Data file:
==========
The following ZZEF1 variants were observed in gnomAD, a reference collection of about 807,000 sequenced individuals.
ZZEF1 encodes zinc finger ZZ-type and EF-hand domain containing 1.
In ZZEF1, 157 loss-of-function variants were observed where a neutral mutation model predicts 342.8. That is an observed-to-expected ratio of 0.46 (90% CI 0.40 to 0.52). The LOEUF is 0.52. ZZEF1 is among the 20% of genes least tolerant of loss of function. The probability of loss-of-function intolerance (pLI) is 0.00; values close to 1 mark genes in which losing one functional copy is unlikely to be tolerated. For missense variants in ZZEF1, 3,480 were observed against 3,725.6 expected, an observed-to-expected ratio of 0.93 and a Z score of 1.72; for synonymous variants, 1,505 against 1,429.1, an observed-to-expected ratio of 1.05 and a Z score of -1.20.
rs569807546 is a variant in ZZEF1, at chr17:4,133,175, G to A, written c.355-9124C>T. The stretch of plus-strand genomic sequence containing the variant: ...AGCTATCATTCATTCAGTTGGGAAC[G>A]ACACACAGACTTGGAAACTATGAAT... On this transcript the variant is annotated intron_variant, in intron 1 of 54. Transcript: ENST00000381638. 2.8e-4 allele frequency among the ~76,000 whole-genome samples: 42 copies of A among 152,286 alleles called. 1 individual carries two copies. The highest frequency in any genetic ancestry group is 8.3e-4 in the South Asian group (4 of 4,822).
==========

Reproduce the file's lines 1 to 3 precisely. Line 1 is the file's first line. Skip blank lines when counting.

The following ZZEF1 variants were observed in gnomAD, a reference collection of about 807,000 sequenced individuals.
ZZEF1 encodes zinc finger ZZ-type and EF-hand domain containing 1.
In ZZEF1, 157 loss-of-function variants were observed where a neutral mutation model predicts 342.8. That is an observed-to-expected ratio of 0.46 (90% CI 0.40 to 0.52). The LOEUF is 0.52. ZZEF1 is among the 20% of genes least tolerant of loss of function. The probability of loss-of-function intolerance (pLI) is 0.00; values close to 1 mark genes in which losing one functional copy is unlikely to be tolerated. For missense variants in ZZEF1, 3,480 were observed against 3,725.6 expected, an observed-to-expected ratio of 0.93 and a Z score of 1.72; for synonymous variants, 1,505 against 1,429.1, an observed-to-expected ratio of 1.05 and a Z score of -1.20.